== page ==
As a note toward one of the other reviews: he clearly states that clinch-based takedowns will be covered in the next volume.

An overall excellent book, consistent with the standard set throughout this series.

Customer Rating: Average rating of 5/5Average rating of 5/5Average rating of 5/5Average rating of 5/5Average rating of 5/5
Summary: He's done it again!
Comment: In his fourth book in the "No Holds Barred" series, Mark Hatmaker as tackled (pun intended) the subject of takedowns. He designs this book to introduce novices to takedowns and takedown counters, and also to fine-tune some principles for more experienced players.

The introduction covers the need for a strong takedown strategy in the NHB game, the principle of being a "sharpshooter", why certain techniques were chosen for this book, and the role of the clinch in relation to the shots that are shown.

Chapter one is on the proper distance from which a fighter can shoot, and ways to gage that distance specific to the NHB game. This chapter, most importantly, covers when and when not to go for a takedown. Chapter two covers the bare basics of takedowns: the stance (including a modified one for NHB players). He includes the centerline principle, and why one will be more efficient for "thinking like a sprinter" before moving on to chapter three. Three is on shooting footwork, and Mark beggins with the five essential rules for a shooter, after which he includes some drills for improving footwork from the basic stance. He also discusses and demonstrates the penetration step commonly seen in modern wrestling, as well as discussing how it contrasts with the leg dive, and which one he prefers. Chapter four demonstrates the old-school leg dive, which focuses on upper-body movement; included are examples of it's use and a drill that you can use to train your body for it. The next chapter is on various grips and handles, and why some should be avoided. After that is a chapter on various set-ups, which are normally ignored by most authors. This chapter alone has added to my understanding of the takedown game. He even shows how to combine various set-ups.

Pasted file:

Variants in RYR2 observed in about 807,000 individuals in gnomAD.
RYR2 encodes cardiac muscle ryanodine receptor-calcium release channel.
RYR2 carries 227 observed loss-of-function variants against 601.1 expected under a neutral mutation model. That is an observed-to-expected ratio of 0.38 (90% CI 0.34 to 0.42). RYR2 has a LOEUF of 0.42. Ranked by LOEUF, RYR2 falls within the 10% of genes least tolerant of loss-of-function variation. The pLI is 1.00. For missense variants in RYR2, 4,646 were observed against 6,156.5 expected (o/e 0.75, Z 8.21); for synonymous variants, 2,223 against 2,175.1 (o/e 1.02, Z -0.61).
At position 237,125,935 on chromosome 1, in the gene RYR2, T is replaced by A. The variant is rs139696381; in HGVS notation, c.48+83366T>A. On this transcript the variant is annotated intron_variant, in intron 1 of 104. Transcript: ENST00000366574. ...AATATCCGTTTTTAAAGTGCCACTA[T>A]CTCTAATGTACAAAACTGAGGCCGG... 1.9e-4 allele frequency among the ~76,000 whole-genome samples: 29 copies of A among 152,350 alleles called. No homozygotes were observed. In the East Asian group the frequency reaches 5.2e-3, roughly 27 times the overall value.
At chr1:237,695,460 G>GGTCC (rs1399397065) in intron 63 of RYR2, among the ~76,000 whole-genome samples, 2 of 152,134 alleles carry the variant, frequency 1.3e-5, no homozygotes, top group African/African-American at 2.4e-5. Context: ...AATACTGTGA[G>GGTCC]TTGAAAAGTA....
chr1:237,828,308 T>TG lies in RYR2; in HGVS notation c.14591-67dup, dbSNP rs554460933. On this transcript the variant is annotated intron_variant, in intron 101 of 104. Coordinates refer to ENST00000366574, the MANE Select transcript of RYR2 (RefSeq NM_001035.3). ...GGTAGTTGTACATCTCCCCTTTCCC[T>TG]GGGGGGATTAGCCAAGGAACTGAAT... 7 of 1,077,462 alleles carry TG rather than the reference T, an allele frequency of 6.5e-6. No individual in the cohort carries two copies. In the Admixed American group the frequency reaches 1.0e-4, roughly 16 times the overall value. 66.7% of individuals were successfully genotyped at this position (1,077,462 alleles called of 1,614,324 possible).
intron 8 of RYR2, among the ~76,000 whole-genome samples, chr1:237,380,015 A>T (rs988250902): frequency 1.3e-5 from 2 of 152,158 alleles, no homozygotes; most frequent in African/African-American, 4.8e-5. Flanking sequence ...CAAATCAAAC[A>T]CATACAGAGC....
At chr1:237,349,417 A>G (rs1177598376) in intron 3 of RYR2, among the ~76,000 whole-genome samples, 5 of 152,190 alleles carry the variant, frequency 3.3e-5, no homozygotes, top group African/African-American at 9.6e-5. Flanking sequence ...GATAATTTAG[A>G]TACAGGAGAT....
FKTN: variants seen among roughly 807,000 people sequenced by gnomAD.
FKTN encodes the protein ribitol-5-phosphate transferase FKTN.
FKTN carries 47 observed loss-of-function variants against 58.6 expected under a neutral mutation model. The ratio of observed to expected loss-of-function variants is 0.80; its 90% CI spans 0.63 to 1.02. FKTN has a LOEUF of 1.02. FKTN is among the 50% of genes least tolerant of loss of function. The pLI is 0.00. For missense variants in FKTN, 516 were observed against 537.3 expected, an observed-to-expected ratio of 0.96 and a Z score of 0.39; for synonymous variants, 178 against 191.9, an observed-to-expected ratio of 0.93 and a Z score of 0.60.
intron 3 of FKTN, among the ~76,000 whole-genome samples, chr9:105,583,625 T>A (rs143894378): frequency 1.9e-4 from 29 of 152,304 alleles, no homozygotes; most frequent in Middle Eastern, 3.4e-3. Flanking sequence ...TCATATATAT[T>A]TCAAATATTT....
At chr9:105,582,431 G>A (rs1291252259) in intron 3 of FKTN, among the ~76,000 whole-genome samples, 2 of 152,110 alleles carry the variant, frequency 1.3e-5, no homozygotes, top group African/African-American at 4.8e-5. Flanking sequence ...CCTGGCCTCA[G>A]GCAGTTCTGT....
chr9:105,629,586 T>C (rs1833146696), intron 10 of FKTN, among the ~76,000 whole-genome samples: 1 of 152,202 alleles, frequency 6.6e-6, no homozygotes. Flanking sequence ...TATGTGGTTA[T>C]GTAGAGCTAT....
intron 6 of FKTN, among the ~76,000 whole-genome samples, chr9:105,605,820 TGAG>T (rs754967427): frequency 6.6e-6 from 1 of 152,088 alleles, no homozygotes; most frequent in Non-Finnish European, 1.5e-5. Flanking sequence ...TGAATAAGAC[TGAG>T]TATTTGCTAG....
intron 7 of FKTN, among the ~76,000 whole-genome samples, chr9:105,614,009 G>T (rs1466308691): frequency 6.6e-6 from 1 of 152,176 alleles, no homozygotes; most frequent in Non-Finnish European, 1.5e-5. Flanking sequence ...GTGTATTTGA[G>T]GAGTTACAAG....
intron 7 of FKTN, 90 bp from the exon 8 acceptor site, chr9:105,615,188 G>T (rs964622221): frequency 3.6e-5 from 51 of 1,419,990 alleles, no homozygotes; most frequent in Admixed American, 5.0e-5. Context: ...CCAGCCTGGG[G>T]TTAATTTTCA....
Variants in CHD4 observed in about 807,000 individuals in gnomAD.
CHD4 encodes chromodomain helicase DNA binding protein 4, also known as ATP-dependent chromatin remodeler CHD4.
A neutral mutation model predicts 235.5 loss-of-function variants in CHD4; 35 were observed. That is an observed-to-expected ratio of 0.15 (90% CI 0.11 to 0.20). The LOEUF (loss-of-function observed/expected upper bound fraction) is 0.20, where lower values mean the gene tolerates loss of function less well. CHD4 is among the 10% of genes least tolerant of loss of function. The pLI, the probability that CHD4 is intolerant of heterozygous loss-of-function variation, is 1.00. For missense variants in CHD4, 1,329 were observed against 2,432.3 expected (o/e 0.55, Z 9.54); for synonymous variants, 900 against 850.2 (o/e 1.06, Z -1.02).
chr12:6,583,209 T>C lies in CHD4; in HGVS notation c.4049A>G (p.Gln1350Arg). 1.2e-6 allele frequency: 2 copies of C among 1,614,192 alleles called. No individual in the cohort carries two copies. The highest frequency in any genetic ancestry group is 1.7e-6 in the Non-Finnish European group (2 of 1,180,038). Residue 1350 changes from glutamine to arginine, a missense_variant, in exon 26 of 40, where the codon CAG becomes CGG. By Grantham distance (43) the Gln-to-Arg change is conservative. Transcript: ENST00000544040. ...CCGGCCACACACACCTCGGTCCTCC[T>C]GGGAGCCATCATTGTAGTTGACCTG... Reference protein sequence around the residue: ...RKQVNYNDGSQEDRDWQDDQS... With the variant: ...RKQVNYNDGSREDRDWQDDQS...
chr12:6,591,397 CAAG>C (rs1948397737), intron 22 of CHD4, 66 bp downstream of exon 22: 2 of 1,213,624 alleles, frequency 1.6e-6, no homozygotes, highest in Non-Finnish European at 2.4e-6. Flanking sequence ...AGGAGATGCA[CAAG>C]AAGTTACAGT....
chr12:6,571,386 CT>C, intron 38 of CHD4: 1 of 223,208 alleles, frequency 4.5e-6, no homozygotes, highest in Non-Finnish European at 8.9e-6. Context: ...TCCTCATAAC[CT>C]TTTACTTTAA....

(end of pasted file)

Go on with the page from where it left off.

Chapter seven starts us on our takedowns; we start with the double-leg. Being the bread-and-butter takedown for most people, Mark only devotes three pages to the takedown itself, but much to my (pleased) surprise, takes up 50 PAGES with double-leg counters! Many of the counters end in a submission, which is great for both sub wrestling and MMA. Next, he goes a similar route with the single-leg, showing some very basic but essential variations of it before compiling a long list of counters, including several subs. Chapters 9 and 9.1 (low singles and counters) is a total of ten pages long, but nice, since the takedown isn't seen much in US MMA as opposed to Japan. In the last four chapters, we finish with tie ups, as Mark covers arm-drag takedowns and counters, and collar-and-elbow takedowns and counters.

This is a great book for those interested in non-gi submission wrestling or takedowns for MMA. Throughout the text, Mark offers concise advice on his takedowns, the underlying principles behind them, and how it all relates to the all-in fight game. I can't recomend this book enough, and I look forward to his book on the clinch.